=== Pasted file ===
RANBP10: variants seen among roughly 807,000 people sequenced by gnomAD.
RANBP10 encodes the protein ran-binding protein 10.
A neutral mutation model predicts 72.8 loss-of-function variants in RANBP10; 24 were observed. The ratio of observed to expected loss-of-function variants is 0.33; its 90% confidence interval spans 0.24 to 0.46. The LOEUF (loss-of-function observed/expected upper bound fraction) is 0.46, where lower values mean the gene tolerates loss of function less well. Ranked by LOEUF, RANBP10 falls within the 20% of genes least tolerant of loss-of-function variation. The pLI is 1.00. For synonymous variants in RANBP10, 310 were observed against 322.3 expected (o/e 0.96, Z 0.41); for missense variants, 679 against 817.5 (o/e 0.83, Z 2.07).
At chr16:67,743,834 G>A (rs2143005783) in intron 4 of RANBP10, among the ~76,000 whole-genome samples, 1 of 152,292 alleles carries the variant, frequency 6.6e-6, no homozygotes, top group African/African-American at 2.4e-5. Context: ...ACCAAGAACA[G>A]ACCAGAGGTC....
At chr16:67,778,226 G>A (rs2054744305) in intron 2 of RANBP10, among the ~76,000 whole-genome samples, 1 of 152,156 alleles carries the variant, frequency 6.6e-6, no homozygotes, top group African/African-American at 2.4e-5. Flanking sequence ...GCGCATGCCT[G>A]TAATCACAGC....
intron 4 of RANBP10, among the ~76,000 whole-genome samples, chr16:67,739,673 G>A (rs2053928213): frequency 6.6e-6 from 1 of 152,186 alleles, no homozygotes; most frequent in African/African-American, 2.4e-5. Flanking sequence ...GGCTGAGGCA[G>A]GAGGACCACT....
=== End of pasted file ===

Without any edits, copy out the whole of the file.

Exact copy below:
RANBP10: variants seen among roughly 807,000 people sequenced by gnomAD.
RANBP10 encodes the protein ran-binding protein 10.
A neutral mutation model predicts 72.8 loss-of-function variants in RANBP10; 24 were observed. The ratio of observed to expected loss-of-function variants is 0.33; its 90% confidence interval spans 0.24 to 0.46. The LOEUF (loss-of-function observed/expected upper bound fraction) is 0.46, where lower values mean the gene tolerates loss of function less well. Ranked by LOEUF, RANBP10 falls within the 20% of genes least tolerant of loss-of-function variation. The pLI is 1.00. For synonymous variants in RANBP10, 310 were observed against 322.3 expected (o/e 0.96, Z 0.41); for missense variants, 679 against 817.5 (o/e 0.83, Z 2.07).
At chr16:67,743,834 G>A (rs2143005783) in intron 4 of RANBP10, among the ~76,000 whole-genome samples, 1 of 152,292 alleles carries the variant, frequency 6.6e-6, no homozygotes, top group African/African-American at 2.4e-5. Context: ...ACCAAGAACA[G>A]ACCAGAGGTC....
At chr16:67,778,226 G>A (rs2054744305) in intron 2 of RANBP10, among the ~76,000 whole-genome samples, 1 of 152,156 alleles carries the variant, frequency 6.6e-6, no homozygotes, top group African/African-American at 2.4e-5. Flanking sequence ...GCGCATGCCT[G>A]TAATCACAGC....
intron 4 of RANBP10, among the ~76,000 whole-genome samples, chr16:67,739,673 G>A (rs2053928213): frequency 6.6e-6 from 1 of 152,186 alleles, no homozygotes; most frequent in African/African-American, 2.4e-5. Flanking sequence ...GGCTGAGGCA[G>A]GAGGACCACT....